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HISTORY OF PHI BETA SIGMA FRATERNITY, INC.
Phi Beta Sigma Fraternity was founded at Howard University in Washington, D.C., January 9, 1914, by three young African-American male students. The Founders, Honorable A. Langston Taylor, Honorable Leonard F. Morse, and Honorable Charles I. Brown, wanted to organize a Greek letter fraternity that would truly exemplify the ideals of brotherhood, scholarship, and service.
The Founders deeply wished to create an organization that viewed itself as “a part of” the general community rather than “apart from” the general community. They believed that each potential member should be judged by his own merits, rather than his family background or affluence…without regard to race, nationality, skin tone or texture of hair. They desired for their fraternity to exist as part of an even greater brotherhood which would be devoted to the “inclusive we” rather than the “exclusive we”.
From its inception, the Founders also conceived Phi Beta Sigma as a mechanism to deliver services to the general community. Rather than gaining skills to be utilized exclusively for themselves and their immediate families, they held a deep conviction that they should return their newly acquired skills to the communities from which they had come. This deep conviction was mirrored in the Fraternity’s motto, “Culture For Service and Service For Humanity”.
Today, Phi Beta Sigma has blossomed into an international organization of leaders. No longer a single entity, members of the Fraternity have been instrumental in the establishment of the Phi Beta Sigma National Foundation, the Phi Beta Sigma Federal Credit Union and The Sigma Beta Club Foundation. Zeta Phi Beta Sorority, founded in 1920 with the assistance of Phi Beta Sigma, is the sister organization of the Fraternity.
The brothers of Phi Beta Sigma are the Fraternity’s most valuable resource and strength. They are the primary means by which the Phi Beta Sigma objectives will be achieved. In order to accomplish the Fraternity’s objectives, it is essential that systems are instituted that effectively embody “Culture For Service and Service For Humanity” and promote brotherhood, scholarship and service.
To optimize Phi Beta Sigma’s effectiveness, the Fraternity will:
Strengthen and serve proactively the brotherhood, as a supportive resource that positively impacts the Fraternity’s growth and financial solvency.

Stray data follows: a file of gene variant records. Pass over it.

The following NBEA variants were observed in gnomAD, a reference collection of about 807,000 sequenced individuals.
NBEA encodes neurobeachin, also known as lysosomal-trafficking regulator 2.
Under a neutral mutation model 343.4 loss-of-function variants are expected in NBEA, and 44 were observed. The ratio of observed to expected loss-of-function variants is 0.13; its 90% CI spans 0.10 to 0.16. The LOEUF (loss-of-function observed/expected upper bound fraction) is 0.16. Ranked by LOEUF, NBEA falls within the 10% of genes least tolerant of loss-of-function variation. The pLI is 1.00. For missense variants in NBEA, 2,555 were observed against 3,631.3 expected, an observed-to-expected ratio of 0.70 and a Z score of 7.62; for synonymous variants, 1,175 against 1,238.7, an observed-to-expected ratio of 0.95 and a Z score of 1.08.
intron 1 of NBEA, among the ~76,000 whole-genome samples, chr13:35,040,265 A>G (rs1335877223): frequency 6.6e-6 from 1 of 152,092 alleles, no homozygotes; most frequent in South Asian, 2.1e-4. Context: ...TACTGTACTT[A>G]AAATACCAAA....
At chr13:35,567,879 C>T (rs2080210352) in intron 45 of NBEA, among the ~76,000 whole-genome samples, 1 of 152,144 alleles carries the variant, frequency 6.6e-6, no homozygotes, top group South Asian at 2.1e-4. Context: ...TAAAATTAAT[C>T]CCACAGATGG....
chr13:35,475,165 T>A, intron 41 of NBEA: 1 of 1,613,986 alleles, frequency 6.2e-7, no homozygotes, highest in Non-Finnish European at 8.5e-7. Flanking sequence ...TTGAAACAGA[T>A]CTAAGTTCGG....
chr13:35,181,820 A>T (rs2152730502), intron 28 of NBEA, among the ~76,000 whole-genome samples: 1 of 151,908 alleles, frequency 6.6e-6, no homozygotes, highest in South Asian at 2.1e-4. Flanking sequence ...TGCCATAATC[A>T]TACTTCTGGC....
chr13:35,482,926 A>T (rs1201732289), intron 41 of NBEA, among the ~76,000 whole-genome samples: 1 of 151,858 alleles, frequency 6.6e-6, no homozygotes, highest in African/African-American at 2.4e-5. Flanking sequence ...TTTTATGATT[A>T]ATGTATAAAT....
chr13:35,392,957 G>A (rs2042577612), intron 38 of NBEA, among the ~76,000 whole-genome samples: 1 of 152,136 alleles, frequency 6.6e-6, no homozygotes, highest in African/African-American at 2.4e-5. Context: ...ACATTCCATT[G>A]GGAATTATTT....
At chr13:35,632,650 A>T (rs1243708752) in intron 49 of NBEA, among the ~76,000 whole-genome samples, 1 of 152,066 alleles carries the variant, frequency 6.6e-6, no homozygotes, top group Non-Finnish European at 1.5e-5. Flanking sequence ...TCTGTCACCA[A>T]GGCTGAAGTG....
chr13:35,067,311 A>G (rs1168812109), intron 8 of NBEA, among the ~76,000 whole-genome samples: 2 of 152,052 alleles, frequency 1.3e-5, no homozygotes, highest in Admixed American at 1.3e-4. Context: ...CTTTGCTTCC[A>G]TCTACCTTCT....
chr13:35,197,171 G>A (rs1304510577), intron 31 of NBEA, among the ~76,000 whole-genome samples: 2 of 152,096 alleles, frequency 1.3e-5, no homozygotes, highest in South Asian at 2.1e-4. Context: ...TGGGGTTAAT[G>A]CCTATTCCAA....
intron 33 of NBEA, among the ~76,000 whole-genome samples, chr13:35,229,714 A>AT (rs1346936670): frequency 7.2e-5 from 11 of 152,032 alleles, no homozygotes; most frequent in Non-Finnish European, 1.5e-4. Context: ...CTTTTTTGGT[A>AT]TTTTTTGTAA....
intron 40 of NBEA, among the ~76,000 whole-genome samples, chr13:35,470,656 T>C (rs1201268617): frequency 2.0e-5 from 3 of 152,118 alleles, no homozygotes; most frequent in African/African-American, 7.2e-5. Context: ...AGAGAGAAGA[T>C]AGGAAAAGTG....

Reaffirm and maintain a strong commitment to brotherhood, scholarship and service.
Ensure that the Fraternity programs are focused and committed to serving humanity.
Create an environment that respects the dignity and worth of each brother.
Exhibit integrity and ethical behavior in conducting the Fraternity’s business. serving as a model for all Greek-letter organizations.
Maintain and improve the Fraternity’s technological literacy, in order to better service its members and the community at large.
Foster and nurture our constitutional bond with Zeta Phi Beta Sorority, Inc.
Encourage a closer and mutually beneficial working relationship with fellow Greek-letter organizations, other community service organizations, businesses and government.
Select leaders who are committed and have demonstrated their ability to lead.
HISTORY OF UPSILON SIGMA CHAPTER
The Upsilon Sigma Chapter of the Phi Beta Sigma Fraternity was chartered September 11, 1927 by Brothers: Summer Colum, MD, Austin Gray, MD, Milton Johnson, MD, William M. Jones, George W. Lawrence, JD, Hugh Fisher Lewis, U.C. McClerkins, George W. Prince and John E. Smith.
The chapter immediately flourished and became a driving force in the African American community in Chicago. In the beginning, the chapter met at a funeral establishment on South Indiana. The chapter's annual Drikel Ball on the Thursday immediately following Thanksgiving opened the social calendar for the formal event in Chicago.
In 1949, a program was started to buy a fraternity house in Chicago. The tireless effort of brothers in the chapter resulted in the purchase of "The Sigma House" at 4941 S. Dr. Martin Luther King Drive.
Upsilon Sigma has been the mother chapter of the Great Lakes Region. During the administration of brothers Chester Riley and Clarence Johnson, Both Directors of the Great Lakes Region (1974-1980) more than 61 chapters of the Phi Beta Sigma Fraternity were chartered or reclaimed thought the region.